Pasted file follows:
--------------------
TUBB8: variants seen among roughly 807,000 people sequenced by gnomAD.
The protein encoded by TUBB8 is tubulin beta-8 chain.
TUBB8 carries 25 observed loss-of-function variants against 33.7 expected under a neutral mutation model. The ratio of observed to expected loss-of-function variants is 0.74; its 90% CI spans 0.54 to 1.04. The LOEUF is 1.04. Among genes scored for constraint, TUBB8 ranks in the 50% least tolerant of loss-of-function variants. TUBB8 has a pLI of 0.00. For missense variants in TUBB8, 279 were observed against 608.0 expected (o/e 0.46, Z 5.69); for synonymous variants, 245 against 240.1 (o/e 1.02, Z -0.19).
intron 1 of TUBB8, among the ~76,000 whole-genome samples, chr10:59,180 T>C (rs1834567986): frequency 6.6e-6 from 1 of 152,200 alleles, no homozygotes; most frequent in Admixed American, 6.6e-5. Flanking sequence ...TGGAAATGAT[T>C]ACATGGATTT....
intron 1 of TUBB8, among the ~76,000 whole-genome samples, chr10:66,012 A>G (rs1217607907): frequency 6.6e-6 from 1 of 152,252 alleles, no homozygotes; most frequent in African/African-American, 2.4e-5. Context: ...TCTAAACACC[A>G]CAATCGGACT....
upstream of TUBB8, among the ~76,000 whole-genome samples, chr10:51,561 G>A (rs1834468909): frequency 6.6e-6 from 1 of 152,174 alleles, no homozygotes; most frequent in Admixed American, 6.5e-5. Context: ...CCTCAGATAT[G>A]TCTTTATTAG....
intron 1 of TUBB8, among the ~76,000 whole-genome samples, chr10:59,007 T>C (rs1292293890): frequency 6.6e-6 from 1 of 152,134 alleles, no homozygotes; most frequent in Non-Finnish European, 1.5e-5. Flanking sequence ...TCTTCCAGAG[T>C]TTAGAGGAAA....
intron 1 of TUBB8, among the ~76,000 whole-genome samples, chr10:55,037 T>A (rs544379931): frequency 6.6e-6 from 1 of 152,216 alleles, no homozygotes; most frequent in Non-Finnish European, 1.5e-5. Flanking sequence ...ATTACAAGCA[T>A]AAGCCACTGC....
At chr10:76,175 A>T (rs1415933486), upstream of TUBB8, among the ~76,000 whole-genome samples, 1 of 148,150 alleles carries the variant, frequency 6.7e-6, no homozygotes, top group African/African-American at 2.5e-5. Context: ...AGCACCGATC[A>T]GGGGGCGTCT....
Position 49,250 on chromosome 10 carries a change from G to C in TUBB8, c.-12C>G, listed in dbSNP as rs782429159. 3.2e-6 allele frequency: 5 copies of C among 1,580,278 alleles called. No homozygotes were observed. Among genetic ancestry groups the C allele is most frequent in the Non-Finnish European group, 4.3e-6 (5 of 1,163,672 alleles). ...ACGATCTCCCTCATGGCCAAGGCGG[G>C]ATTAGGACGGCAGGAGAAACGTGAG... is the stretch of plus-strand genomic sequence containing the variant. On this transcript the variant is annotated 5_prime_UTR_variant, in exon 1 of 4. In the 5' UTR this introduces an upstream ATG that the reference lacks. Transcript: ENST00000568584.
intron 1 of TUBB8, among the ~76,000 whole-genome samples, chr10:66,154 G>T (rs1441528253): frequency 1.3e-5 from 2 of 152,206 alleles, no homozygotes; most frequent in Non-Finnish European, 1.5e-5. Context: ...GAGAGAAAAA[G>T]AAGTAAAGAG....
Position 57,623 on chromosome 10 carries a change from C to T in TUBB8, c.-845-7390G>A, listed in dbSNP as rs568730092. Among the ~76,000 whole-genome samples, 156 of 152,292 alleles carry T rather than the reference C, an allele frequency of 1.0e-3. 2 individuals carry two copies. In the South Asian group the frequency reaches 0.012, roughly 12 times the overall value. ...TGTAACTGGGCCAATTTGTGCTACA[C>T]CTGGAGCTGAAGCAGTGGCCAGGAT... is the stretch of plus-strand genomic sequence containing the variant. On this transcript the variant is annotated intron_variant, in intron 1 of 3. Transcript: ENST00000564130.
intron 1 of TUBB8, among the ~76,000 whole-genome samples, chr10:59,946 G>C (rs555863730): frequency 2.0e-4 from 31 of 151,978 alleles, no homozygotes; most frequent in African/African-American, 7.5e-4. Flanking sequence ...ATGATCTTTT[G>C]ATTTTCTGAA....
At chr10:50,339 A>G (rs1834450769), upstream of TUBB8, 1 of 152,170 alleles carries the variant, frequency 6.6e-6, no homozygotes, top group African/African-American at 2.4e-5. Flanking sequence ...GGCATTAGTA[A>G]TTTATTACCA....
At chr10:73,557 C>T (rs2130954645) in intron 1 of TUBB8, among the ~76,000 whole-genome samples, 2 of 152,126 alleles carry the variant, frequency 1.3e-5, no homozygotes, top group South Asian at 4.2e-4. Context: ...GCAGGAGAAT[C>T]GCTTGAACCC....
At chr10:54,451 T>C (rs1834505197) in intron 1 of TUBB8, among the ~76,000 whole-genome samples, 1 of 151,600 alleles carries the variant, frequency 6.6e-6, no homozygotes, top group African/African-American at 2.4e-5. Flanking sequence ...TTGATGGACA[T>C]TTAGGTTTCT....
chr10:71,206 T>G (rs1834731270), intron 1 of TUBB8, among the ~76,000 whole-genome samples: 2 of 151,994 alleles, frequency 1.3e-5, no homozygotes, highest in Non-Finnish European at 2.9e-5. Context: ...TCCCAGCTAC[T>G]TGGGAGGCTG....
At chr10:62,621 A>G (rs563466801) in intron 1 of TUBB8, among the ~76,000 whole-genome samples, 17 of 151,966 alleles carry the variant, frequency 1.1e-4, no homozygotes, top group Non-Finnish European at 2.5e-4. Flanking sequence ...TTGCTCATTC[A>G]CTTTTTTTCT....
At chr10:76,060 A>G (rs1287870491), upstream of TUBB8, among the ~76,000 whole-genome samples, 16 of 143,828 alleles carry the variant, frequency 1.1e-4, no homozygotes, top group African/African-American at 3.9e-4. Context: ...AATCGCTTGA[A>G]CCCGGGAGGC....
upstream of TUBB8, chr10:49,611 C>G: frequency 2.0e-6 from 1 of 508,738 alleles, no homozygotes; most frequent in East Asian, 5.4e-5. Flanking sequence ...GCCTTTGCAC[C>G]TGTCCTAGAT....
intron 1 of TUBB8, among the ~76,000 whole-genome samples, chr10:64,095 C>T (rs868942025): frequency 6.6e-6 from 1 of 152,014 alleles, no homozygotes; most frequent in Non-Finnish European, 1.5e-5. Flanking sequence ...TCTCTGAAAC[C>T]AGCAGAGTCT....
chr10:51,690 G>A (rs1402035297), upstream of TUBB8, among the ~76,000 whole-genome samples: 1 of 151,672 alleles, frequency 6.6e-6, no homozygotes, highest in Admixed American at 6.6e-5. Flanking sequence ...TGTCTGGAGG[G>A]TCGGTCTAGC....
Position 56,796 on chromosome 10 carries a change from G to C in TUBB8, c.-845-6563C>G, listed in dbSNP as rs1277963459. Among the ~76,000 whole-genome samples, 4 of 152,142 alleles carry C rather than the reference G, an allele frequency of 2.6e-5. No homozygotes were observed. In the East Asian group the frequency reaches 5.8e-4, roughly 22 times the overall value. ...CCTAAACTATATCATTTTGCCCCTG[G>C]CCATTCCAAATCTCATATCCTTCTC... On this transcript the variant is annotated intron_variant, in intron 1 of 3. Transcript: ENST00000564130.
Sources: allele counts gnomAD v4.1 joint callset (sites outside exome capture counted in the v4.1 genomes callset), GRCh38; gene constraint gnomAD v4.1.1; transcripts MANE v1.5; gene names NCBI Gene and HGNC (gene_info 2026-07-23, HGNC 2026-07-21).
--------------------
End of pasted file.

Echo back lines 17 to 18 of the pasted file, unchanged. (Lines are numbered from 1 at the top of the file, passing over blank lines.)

chr10:71,206 T>G (rs1834731270), intron 1 of TUBB8, among the ~76,000 whole-genome samples: 2 of 151,994 alleles, frequency 1.3e-5, no homozygotes, highest in Non-Finnish European at 2.9e-5. Context: ...TCCCAGCTAC[T>G]TGGGAGGCTG....
At chr10:62,621 A>G (rs563466801) in intron 1 of TUBB8, among the ~76,000 whole-genome samples, 17 of 151,966 alleles carry the variant, frequency 1.1e-4, no homozygotes, top group Non-Finnish European at 2.5e-4. Flanking sequence ...TTGCTCATTC[A>G]CTTTTTTTCT....